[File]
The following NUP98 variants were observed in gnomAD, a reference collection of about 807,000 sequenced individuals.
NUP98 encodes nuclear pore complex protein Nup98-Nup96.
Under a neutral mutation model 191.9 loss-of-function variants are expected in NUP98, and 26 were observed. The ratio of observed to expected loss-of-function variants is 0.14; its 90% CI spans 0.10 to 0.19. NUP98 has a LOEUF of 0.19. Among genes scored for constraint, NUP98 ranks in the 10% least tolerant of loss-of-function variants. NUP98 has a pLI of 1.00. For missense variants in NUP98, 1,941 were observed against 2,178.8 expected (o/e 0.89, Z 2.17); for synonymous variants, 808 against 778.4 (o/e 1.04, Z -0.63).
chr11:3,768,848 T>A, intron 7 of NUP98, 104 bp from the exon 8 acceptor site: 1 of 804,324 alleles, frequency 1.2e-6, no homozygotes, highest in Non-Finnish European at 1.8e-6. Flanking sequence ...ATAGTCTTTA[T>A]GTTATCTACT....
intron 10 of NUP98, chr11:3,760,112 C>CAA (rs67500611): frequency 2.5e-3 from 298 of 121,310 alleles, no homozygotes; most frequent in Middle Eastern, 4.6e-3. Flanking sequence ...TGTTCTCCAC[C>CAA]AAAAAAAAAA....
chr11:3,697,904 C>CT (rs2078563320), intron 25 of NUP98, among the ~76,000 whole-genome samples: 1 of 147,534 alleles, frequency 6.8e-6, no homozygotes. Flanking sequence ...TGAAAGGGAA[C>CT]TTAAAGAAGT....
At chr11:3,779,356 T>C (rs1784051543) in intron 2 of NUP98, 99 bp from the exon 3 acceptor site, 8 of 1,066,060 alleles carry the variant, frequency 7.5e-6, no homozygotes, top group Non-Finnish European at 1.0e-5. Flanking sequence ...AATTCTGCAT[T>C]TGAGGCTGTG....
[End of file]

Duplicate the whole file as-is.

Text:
The following NUP98 variants were observed in gnomAD, a reference collection of about 807,000 sequenced individuals.
NUP98 encodes nuclear pore complex protein Nup98-Nup96.
Under a neutral mutation model 191.9 loss-of-function variants are expected in NUP98, and 26 were observed. The ratio of observed to expected loss-of-function variants is 0.14; its 90% CI spans 0.10 to 0.19. NUP98 has a LOEUF of 0.19. Among genes scored for constraint, NUP98 ranks in the 10% least tolerant of loss-of-function variants. NUP98 has a pLI of 1.00. For missense variants in NUP98, 1,941 were observed against 2,178.8 expected (o/e 0.89, Z 2.17); for synonymous variants, 808 against 778.4 (o/e 1.04, Z -0.63).
chr11:3,768,848 T>A, intron 7 of NUP98, 104 bp from the exon 8 acceptor site: 1 of 804,324 alleles, frequency 1.2e-6, no homozygotes, highest in Non-Finnish European at 1.8e-6. Flanking sequence ...ATAGTCTTTA[T>A]GTTATCTACT....
intron 10 of NUP98, chr11:3,760,112 C>CAA (rs67500611): frequency 2.5e-3 from 298 of 121,310 alleles, no homozygotes; most frequent in Middle Eastern, 4.6e-3. Flanking sequence ...TGTTCTCCAC[C>CAA]AAAAAAAAAA....
chr11:3,697,904 C>CT (rs2078563320), intron 25 of NUP98, among the ~76,000 whole-genome samples: 1 of 147,534 alleles, frequency 6.8e-6, no homozygotes. Flanking sequence ...TGAAAGGGAA[C>CT]TTAAAGAAGT....
At chr11:3,779,356 T>C (rs1784051543) in intron 2 of NUP98, 99 bp from the exon 3 acceptor site, 8 of 1,066,060 alleles carry the variant, frequency 7.5e-6, no homozygotes, top group Non-Finnish European at 1.0e-5. Flanking sequence ...AATTCTGCAT[T>C]TGAGGCTGTG....